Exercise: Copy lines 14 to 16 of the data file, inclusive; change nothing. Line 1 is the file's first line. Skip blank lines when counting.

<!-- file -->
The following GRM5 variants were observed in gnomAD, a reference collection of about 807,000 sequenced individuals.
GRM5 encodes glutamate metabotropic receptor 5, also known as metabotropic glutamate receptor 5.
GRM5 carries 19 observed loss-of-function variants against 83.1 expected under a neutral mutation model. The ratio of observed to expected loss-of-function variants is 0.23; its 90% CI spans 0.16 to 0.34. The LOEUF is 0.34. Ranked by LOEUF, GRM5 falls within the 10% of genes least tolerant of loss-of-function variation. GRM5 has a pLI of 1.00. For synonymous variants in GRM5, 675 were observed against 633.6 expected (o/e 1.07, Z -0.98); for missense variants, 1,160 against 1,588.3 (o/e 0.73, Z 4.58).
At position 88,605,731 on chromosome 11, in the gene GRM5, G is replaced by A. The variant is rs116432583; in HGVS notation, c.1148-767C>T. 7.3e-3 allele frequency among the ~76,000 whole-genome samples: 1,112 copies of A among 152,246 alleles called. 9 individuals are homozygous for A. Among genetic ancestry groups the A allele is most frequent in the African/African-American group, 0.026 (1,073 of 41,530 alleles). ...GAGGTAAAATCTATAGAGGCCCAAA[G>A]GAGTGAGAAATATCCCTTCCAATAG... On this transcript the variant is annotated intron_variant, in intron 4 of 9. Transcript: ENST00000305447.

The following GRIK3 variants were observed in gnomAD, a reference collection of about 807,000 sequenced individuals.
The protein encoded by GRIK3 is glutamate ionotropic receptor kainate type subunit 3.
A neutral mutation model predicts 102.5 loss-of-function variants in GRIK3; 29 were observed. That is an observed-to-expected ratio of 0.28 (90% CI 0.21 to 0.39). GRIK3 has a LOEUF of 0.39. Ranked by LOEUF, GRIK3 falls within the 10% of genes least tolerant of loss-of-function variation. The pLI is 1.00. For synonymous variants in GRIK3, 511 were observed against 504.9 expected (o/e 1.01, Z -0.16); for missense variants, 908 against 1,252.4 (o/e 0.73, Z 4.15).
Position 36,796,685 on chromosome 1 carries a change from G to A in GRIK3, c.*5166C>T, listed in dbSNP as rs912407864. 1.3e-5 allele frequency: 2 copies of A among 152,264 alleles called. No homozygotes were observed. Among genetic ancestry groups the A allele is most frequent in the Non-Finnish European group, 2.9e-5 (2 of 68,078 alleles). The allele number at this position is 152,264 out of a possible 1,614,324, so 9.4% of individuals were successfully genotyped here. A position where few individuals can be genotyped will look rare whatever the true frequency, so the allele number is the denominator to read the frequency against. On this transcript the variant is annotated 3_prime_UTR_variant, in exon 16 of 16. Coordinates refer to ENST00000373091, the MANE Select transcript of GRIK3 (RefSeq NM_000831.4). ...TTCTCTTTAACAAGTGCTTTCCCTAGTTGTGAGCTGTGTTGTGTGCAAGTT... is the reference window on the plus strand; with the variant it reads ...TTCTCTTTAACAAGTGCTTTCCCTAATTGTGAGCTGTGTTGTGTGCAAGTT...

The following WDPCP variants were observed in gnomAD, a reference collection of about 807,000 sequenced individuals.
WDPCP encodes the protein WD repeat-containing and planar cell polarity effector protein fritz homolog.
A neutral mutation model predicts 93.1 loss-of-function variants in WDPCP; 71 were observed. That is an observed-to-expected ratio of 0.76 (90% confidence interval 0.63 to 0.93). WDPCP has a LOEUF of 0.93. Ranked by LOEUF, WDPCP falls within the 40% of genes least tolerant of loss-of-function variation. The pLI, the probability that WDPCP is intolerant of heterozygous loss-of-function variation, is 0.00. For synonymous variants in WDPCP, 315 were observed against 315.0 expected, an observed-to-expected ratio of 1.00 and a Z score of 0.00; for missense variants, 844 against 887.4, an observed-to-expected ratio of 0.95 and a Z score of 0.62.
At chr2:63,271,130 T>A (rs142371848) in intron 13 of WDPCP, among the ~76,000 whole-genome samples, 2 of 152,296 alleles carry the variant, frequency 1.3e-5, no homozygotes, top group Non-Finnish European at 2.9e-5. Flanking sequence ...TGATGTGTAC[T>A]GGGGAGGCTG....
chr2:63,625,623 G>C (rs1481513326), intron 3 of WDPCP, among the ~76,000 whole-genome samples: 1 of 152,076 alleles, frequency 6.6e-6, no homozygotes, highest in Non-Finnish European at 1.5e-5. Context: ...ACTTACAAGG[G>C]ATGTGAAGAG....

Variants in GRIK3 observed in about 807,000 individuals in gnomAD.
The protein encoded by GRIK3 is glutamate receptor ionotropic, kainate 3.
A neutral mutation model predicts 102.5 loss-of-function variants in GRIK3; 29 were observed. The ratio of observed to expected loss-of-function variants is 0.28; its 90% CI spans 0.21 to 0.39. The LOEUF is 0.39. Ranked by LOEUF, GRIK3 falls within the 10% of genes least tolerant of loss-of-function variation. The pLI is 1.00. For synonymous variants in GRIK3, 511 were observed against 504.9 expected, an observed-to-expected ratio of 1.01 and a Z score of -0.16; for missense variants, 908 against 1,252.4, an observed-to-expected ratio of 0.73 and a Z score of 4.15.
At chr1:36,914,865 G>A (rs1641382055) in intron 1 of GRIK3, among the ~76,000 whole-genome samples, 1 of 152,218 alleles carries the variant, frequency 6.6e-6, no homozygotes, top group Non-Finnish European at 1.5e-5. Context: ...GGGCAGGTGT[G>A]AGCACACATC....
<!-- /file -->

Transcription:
Variants in GRIK3 observed in about 807,000 individuals in gnomAD.
The protein encoded by GRIK3 is glutamate receptor ionotropic, kainate 3.
A neutral mutation model predicts 102.5 loss-of-function variants in GRIK3; 29 were observed. The ratio of observed to expected loss-of-function variants is 0.28; its 90% CI spans 0.21 to 0.39. The LOEUF is 0.39. Ranked by LOEUF, GRIK3 falls within the 10% of genes least tolerant of loss-of-function variation. The pLI is 1.00. For synonymous variants in GRIK3, 511 were observed against 504.9 expected, an observed-to-expected ratio of 1.01 and a Z score of -0.16; for missense variants, 908 against 1,252.4, an observed-to-expected ratio of 0.73 and a Z score of 4.15.